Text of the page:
Link Search Menu Expand Document

Internet Communication - How Browsers Sends HTTP Requests?

It’s time to see how the browser communicates with the webserver

In my previous article on how technology works, I covered how browsers render webpages on the screen after receiving a response from the server. As a quick recap, you can visit my article at this link to understand how technology works.

Technology This week we will be studying how the browser initiates an HTTP request to get the response from the server. We will go through each step that is shown in this flow.


How browser sends HTTP requests?

How browser sends HTTP requests? High-level communication flow from the browser to the server which goes through certain steps before sending/receiving the data. This is not one-way communication. It is the 2-way street where before reaching the server, the browser tries to connect to the server and vice-versa. If anyone step fails to complete, the browser will not successfully reach the destination server with the IP.

#1 Looking for DNS

Looking for DNS Finding DNS is like searching for the love of the HTTP request’s life. It keeps searching all the available cache servers before searching in global DNS servers (Like Matrimony sites). 4 types of cache are available by default, Browser, OS, Router, and ISP. There are other types as well where we can use our own caching servers. Those advanced topics we will see in the future. For now, knowing the type of available caches is important.

#2 DNS Server — How it works?

DNS Server — How it works? Once the request goes out of the browser after checking the ISP cache for the IP address for the DNS, it hits multiple DNS servers across the internet to find the right IP address for you (If you can’t find a girl in this country you can always try in others). This uses a recursive method to find the different name servers (NS) associated with the domain name. So the search keeps happening until it finds the right NS. This request nature is small packets that contain details of the source and destination IPs. When it hits the right name server, it gets the DNS address of the DNS and is sent back to the browser.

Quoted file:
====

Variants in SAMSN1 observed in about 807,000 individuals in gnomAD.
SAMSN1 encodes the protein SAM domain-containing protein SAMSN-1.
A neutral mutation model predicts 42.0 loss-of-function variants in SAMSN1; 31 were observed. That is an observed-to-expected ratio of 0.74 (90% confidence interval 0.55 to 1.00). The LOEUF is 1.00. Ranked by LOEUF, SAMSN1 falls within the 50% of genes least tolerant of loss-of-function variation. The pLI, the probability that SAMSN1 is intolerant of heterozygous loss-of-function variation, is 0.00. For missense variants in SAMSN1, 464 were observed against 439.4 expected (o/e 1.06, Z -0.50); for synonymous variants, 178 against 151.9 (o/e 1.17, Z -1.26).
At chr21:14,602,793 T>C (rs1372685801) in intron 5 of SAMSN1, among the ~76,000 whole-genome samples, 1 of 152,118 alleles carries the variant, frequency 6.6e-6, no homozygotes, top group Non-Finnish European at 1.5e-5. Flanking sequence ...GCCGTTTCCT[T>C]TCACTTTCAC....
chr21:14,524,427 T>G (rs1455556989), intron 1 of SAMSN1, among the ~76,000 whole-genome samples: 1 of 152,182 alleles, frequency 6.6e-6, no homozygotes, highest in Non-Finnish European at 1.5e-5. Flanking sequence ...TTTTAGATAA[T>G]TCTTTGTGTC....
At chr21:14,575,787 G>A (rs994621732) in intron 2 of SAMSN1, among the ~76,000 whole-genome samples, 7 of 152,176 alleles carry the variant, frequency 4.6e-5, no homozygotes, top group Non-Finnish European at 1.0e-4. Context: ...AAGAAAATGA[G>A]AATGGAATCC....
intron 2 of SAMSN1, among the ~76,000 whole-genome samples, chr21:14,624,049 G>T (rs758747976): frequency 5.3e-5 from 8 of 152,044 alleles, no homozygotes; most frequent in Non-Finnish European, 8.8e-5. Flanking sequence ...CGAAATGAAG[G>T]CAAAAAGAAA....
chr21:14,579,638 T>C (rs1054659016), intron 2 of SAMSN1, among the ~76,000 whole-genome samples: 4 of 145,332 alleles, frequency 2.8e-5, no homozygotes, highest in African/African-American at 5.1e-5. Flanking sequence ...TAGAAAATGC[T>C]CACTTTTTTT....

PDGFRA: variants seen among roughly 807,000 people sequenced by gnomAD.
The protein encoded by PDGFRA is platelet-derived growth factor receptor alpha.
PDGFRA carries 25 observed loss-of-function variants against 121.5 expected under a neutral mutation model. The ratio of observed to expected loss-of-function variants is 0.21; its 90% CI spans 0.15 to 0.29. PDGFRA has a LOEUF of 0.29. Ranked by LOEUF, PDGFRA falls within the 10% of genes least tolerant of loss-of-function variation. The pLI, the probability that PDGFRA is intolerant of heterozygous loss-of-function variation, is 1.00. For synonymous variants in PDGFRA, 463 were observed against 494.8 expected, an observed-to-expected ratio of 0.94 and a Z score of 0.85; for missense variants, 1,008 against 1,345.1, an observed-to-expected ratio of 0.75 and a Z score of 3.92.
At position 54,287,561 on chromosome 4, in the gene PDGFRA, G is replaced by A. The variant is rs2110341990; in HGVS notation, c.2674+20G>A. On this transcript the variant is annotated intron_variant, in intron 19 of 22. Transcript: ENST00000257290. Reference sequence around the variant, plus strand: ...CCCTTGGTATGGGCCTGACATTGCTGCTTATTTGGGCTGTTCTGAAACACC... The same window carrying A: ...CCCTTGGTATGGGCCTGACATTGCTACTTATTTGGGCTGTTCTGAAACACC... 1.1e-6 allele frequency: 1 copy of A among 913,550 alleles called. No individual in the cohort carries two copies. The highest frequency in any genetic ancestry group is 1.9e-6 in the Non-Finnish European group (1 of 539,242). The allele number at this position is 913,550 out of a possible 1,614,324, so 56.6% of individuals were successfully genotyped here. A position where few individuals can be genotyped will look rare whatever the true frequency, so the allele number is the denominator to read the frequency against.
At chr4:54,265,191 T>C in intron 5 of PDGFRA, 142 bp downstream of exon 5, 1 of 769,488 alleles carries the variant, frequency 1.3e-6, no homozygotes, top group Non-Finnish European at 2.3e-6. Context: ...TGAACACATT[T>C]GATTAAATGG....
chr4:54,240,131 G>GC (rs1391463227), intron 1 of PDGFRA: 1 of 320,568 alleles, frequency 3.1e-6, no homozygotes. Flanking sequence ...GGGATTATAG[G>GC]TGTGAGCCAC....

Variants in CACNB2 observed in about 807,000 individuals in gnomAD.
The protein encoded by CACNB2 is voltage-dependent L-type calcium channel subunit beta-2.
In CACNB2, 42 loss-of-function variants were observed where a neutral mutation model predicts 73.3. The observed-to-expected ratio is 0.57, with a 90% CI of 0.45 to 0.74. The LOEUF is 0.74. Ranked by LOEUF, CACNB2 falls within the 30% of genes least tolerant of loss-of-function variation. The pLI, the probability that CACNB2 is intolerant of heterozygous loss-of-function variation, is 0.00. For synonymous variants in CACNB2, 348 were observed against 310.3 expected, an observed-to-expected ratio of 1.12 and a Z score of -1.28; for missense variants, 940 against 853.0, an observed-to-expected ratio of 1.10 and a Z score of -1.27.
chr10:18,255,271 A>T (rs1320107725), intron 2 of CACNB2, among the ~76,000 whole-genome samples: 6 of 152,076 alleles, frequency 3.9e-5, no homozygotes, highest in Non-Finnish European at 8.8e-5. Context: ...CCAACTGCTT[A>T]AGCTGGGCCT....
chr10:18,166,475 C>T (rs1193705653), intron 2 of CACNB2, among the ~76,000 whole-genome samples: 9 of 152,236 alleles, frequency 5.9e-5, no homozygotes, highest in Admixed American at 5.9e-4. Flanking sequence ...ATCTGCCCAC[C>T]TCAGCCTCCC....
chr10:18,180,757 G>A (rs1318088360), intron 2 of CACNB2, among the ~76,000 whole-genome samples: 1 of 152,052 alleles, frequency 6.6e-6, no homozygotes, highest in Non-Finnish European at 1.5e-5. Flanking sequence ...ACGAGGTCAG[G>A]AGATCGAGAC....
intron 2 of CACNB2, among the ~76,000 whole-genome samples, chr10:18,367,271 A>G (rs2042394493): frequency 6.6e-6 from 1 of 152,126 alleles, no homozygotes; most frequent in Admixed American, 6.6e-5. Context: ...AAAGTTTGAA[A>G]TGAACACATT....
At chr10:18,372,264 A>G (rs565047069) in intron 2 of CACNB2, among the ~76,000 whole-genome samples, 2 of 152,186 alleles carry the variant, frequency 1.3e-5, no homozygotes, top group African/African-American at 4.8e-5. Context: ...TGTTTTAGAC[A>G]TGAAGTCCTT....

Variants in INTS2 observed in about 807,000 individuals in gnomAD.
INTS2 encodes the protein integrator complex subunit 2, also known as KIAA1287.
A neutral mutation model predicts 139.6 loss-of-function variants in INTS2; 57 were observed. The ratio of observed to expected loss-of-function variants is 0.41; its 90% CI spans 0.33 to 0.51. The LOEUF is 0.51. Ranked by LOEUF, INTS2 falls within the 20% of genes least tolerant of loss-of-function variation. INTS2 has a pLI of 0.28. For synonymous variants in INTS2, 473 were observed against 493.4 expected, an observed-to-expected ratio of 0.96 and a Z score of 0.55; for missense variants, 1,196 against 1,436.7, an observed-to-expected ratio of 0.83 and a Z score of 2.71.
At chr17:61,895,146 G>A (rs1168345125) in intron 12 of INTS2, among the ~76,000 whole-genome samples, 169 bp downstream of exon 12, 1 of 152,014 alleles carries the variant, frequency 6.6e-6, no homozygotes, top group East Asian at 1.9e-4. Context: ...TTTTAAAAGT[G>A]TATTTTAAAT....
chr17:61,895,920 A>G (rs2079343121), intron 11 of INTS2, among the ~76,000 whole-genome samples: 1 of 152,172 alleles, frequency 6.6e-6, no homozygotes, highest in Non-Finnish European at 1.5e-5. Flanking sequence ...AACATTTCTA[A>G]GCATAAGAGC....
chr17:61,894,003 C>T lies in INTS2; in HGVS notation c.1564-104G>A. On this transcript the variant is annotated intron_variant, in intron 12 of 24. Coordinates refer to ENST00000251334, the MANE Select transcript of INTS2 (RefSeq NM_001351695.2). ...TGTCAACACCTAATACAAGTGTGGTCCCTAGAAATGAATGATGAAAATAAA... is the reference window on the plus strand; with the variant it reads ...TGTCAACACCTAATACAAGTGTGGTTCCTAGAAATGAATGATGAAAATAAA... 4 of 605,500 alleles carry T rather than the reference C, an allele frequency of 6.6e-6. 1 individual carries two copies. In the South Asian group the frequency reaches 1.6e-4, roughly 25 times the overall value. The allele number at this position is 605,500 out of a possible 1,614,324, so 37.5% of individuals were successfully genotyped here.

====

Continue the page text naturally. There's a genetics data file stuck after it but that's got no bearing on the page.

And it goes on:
#3 TCP/IP Connection

TCP/IP Connection It follows a 3-way handshake to get this done, like asking if it is available to take a new connection from the server. If the server responds with yes, then the browser will send the acknowledgment to the server.

#4 Sending HTTP requests

Sending HTTP requests With the type of request specified, the browser will send the information to fetch the required web pages from the server. It uses different headers to send the request. Based on this header authentication, the server will respond to the request and send the HTML formatted web page to the browser.


Summary:

In summary, if we see step by step sending a request to the server/datacenter, it all starts with the user who enters the web address or interacts with the application they are using. Before sending requests to the internet, the browser checks for its internal cache and then checks the OS cache then it checks for router cache. If it fails to find the right IP, it goes on and checks with Internet service providers. Even now if it fails to get the right IP for the mentioned DNS, it starts to check in internet DNS servers that are globally available.

In DNS, each domain has different nameservers where it connects to respective servers that hold these domain names. For example, .com (root level & top-level domain) will go to a different nameserver, and google (2nd level domain) will go to another nameserver. Then now this google.com will go and check for the third-level domain name server in the Google data center. This process is called DNS lookup. Here browser will get the complete IP address of the server where it should communicate or send requests to.

Before sending an HTTP request, the browser does a 3 level handshake with the server which includes, SYN (synchronize) and ACK (acknowledge) requests. This uses TCP/IP protocol.

Once the server sends the response as it is ready to accept new requests, the browser acknowledges it and starts to send HTTP requests (GET/POST) with headers.


Happy reading. I hope you all had a great week. Keep learning and never give up on your dreams.

This article is also published in LinkedIn, Medium, Dev Community, Transform Docs

Author Information

This article is written by Vishruth Harithsa.